Marina Fleites ’19, Nicaragua –

It’s hard to believe this is our last blog post, because that means we have to leave soon. Over the last week Julia and I have taken turns every day looking over at each other in disbelief to say we can’t believe its almost over. We’re cherishing our last fresh tropical fruit juices and tasting with new appreciation the gallo pinto we have eaten nearly every day. Sure, we’ve been homesick and we’re excited to get home to our families (and our dogs), but seven weeks seems like it flew by, and its hard to believe there’s only one left.

In these seven weeks we’ve felt so at home in this beautiful city. We spent probably six weeks just wandering aimlessly in whatever free time we had until we found our favorite spots. We followed our noses one day to a little bakery that became our go to donut shop. We’ve become regulars at restaurants and cafes. (I would like to thank Pan y Paz especially for supplying me with way too much cafe con leche and pan de chocolate, and for letting me loiter in the A/C as I write my blog posts.) We’ve had regular meetings with Nicaraguan organizations for our secondary project and made friends within them. We’ve run into those friends and our host families as we’re out in León, making this city feel so familiar and comfortable to us. We’ve struck up conversations with complete strangers on buses and made friends as we traveled that ended up visiting us in Leon. 

I have loved my teaching experience and our secondary project, the key elements of our fellowship. What I feel truly rounded out the experience, however, was Project Gettysburg-León itself. Outside of our fellowship projects, we visited people and organizations PGL has been connected with for years, some since the beginning in the 80s. I had already met many of the PGL members on the Gettysburg side, and I understood before coming to Nicaragua how dedicated they are to their work. But coming here and meeting our partners made it so clear to me why our sister city project works. PGL approaches sustainable development with the idea that Nicaraguans know what they need, and we as foreigners may have the means to help them obtain that. They do not approach Nicaraguans and impose solutions or projects on them. They are not paternalistic, and they are true to the principles that started their solidarity organization.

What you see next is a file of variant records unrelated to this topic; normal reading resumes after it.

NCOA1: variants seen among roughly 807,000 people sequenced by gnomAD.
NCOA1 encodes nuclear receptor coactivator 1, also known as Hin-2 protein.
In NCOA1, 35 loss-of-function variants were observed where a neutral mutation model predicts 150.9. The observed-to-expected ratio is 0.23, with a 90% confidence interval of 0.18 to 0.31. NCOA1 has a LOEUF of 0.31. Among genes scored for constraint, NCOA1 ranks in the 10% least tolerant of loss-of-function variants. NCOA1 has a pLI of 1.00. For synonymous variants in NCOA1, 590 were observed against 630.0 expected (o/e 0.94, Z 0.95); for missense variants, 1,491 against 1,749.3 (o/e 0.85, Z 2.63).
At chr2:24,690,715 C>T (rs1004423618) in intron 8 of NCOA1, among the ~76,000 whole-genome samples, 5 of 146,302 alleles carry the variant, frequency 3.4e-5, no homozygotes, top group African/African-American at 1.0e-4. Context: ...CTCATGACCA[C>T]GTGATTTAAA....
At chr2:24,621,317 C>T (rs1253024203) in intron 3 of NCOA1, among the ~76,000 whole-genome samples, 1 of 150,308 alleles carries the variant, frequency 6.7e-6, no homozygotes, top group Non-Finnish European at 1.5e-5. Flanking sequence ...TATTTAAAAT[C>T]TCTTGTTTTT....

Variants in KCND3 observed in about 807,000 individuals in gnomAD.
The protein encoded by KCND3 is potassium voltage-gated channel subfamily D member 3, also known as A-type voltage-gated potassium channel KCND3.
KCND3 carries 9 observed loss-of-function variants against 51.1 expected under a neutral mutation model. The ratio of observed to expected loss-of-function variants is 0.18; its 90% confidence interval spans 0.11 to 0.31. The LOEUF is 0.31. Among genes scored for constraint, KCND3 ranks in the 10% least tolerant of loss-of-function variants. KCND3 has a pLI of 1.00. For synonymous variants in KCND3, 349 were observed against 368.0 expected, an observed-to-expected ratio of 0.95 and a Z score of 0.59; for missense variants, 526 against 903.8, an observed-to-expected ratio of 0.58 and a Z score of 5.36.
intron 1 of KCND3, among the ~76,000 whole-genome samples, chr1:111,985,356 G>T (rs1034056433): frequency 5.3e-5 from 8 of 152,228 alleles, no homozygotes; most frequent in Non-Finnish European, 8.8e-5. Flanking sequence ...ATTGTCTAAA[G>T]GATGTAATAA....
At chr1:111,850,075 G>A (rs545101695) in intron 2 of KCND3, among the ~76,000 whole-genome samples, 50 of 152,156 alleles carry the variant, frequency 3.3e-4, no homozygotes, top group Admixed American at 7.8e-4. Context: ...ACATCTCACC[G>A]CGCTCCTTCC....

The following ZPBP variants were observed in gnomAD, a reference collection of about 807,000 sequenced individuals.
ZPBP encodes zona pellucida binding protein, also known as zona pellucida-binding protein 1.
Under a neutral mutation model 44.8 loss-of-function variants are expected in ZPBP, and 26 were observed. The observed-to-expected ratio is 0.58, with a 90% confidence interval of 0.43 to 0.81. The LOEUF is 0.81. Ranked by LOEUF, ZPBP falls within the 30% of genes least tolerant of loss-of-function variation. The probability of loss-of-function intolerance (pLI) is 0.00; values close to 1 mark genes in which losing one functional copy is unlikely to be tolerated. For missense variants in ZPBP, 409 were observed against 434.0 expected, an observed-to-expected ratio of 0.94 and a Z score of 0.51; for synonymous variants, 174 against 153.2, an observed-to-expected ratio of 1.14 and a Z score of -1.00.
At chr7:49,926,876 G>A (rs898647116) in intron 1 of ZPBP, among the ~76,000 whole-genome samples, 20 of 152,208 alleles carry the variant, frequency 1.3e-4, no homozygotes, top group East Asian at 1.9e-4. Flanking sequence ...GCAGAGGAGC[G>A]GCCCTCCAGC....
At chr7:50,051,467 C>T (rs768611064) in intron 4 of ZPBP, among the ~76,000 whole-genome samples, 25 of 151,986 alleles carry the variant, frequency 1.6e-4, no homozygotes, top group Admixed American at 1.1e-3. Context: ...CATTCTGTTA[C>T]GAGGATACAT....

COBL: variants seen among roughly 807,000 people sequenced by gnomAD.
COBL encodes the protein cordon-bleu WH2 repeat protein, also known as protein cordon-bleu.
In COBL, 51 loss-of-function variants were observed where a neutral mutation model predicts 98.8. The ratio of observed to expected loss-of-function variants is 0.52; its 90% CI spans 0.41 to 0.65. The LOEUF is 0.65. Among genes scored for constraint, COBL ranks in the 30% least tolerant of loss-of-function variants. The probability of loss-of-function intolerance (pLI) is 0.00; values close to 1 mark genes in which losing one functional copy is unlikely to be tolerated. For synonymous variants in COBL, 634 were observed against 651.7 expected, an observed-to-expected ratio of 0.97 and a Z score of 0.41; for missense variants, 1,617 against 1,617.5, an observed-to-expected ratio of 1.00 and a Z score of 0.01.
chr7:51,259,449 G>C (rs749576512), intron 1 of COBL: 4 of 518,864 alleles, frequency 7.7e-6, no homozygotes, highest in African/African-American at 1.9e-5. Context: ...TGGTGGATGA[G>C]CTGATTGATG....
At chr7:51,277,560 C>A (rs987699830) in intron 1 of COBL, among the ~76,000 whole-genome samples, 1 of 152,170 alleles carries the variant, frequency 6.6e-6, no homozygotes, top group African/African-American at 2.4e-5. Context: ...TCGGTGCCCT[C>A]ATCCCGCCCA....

Our secondary project consisted of creating videos for some PGL affiliated organizations, and they were more than happy to have us there helping, and continuously thanked us not only for our work, but for everything PGL has done. At Las Tías, we were always welcomed so warmly and enthusiastically as “our friends from Gettysburg,” and as we interviewed one of the Tías for their video, she spent a chunk of time talking specifically about PGL’s involvement: the financial involvement yes, but more that they were always in touch, that there was a real friendship between the organizations. After visiting Talolinga, the rural community PGL works with, one of the agricultural extensionists messaged me on Facebook to send some photos, and to thank us for being a part of the project, saying working with PGL has been one of the most rewarding things in his life. 

Of course, PGL has its challenges as any non-profit organization does, but in our time here Julia and I could have clearly seen the impact it has had on the communities and individuals. And those individuals are some of the kindest most genuine people I have ever met. These friends of PGL are so driven, and so happy that its contagious, like the organization La Base. We probably spent the most time with them, visiting various cooperatives, and they were always laughing and happy, but got down to business in meetings. It showed us how important that balance is, especially here in Nicaragua where often business relationships and friendships mingle because of the hospitable and neighborly nature of life here. You meet someone and you ask about their family and their life before you ask about their job, and you genuinely care about the response. You develop what in Spanish is confianza. The literal translation is confidence, but it is used to say much more than that. It is an inherent trust in the other person. In development work without confianza you can’t get very far. I think that has been my most important lesson this summer. PGL has its roots in solidarity, and because of that puts an emphasis on the idea of confianza. That focus has helped it succeed, making an impact on Nicaraguans and Americans alike, myself included.


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